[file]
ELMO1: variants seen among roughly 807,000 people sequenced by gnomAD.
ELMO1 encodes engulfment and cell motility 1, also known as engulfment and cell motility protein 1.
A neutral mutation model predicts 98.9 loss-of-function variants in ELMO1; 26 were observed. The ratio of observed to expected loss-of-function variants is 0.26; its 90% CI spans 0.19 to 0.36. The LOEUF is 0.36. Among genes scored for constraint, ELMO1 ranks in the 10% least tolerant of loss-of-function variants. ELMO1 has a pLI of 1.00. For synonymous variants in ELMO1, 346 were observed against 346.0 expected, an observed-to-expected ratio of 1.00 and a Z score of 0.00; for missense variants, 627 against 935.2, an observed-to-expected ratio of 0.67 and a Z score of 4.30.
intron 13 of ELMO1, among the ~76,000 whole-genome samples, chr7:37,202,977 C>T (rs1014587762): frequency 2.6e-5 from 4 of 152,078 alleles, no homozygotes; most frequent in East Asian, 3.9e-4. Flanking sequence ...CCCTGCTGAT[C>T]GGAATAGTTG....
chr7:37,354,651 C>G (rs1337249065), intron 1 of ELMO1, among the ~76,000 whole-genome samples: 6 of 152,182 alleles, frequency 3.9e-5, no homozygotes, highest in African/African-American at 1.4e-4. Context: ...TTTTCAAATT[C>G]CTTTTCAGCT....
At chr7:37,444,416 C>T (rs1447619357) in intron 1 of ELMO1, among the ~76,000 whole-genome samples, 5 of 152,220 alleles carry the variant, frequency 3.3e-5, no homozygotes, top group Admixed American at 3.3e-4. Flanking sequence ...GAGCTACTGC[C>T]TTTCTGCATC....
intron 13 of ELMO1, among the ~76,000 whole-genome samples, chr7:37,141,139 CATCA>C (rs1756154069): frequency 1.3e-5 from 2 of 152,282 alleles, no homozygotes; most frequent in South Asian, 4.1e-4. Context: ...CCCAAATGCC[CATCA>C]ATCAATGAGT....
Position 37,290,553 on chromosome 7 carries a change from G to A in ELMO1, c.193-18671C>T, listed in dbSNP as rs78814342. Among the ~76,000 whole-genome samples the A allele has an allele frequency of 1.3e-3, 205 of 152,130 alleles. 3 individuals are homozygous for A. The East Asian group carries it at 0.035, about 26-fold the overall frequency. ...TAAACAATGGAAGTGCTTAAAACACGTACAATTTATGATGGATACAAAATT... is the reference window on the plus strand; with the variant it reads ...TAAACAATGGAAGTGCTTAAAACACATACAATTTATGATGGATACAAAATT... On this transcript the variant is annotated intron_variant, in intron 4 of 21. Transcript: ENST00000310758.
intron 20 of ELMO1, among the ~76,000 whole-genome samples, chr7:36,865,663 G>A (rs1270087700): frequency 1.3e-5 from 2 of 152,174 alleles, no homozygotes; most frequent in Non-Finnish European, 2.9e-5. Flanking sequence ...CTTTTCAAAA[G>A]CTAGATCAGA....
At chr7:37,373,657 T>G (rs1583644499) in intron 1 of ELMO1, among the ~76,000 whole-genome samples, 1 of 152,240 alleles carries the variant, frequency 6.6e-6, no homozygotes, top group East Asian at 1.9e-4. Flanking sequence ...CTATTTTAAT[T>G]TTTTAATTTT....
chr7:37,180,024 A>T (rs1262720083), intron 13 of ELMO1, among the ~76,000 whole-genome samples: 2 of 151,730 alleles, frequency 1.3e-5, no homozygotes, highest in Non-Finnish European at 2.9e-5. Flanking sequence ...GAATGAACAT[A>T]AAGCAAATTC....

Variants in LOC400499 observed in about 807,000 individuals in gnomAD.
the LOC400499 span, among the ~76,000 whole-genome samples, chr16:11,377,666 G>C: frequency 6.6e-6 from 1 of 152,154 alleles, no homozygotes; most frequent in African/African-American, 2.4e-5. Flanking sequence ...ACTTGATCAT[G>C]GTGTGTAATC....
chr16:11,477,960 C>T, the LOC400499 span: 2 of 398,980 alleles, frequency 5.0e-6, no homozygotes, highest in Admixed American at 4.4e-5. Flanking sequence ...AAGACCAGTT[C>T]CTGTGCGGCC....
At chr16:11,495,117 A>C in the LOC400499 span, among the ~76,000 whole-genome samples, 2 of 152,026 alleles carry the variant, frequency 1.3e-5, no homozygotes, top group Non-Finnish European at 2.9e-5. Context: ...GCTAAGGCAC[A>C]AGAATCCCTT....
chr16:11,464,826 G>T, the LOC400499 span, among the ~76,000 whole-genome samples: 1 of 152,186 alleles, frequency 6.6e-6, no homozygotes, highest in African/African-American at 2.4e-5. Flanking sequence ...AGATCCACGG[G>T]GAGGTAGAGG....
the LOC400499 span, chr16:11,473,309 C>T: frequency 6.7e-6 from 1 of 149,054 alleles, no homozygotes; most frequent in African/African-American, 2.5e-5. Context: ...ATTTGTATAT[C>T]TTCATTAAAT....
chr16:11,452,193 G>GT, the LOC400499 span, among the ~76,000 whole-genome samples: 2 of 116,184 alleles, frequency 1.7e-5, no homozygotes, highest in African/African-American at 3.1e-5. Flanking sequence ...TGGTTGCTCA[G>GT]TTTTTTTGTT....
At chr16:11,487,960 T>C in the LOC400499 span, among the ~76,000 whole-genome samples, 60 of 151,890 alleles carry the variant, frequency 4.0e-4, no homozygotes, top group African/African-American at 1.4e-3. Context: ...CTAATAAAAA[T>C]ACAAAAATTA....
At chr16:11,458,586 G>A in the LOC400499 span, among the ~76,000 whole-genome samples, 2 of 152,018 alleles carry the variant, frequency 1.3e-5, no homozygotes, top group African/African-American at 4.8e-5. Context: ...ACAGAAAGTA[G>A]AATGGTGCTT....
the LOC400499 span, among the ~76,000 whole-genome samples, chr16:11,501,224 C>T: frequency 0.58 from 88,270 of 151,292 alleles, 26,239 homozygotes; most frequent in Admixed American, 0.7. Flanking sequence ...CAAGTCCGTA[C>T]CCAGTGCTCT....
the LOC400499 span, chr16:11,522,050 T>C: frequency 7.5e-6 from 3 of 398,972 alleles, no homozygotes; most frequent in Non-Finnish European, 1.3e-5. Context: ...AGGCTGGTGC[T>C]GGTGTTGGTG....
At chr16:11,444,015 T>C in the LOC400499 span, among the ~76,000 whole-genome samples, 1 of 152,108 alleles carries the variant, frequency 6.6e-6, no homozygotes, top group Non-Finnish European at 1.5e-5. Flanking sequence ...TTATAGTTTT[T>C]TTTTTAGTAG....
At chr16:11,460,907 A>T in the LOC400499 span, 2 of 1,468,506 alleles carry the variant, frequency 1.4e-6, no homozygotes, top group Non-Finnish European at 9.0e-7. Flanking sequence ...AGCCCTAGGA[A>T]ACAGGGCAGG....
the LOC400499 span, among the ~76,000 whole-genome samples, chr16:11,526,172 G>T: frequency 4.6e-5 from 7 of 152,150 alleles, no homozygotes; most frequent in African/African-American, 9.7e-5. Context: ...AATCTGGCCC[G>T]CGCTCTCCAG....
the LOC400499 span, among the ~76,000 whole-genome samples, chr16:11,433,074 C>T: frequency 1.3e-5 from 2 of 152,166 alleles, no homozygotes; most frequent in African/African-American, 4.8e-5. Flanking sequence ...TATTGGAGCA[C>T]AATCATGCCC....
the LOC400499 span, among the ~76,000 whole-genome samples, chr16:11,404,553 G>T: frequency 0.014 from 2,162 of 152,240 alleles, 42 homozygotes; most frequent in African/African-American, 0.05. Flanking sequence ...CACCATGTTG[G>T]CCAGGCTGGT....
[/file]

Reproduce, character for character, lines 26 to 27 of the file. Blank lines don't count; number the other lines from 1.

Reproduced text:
the LOC400499 span, among the ~76,000 whole-genome samples, chr16:11,433,074 C>T: frequency 1.3e-5 from 2 of 152,166 alleles, no homozygotes; most frequent in African/African-American, 4.8e-5. Flanking sequence ...TATTGGAGCA[C>T]AATCATGCCC....
the LOC400499 span, among the ~76,000 whole-genome samples, chr16:11,404,553 G>T: frequency 0.014 from 2,162 of 152,240 alleles, 42 homozygotes; most frequent in African/African-American, 0.05. Flanking sequence ...CACCATGTTG[G>T]CCAGGCTGGT....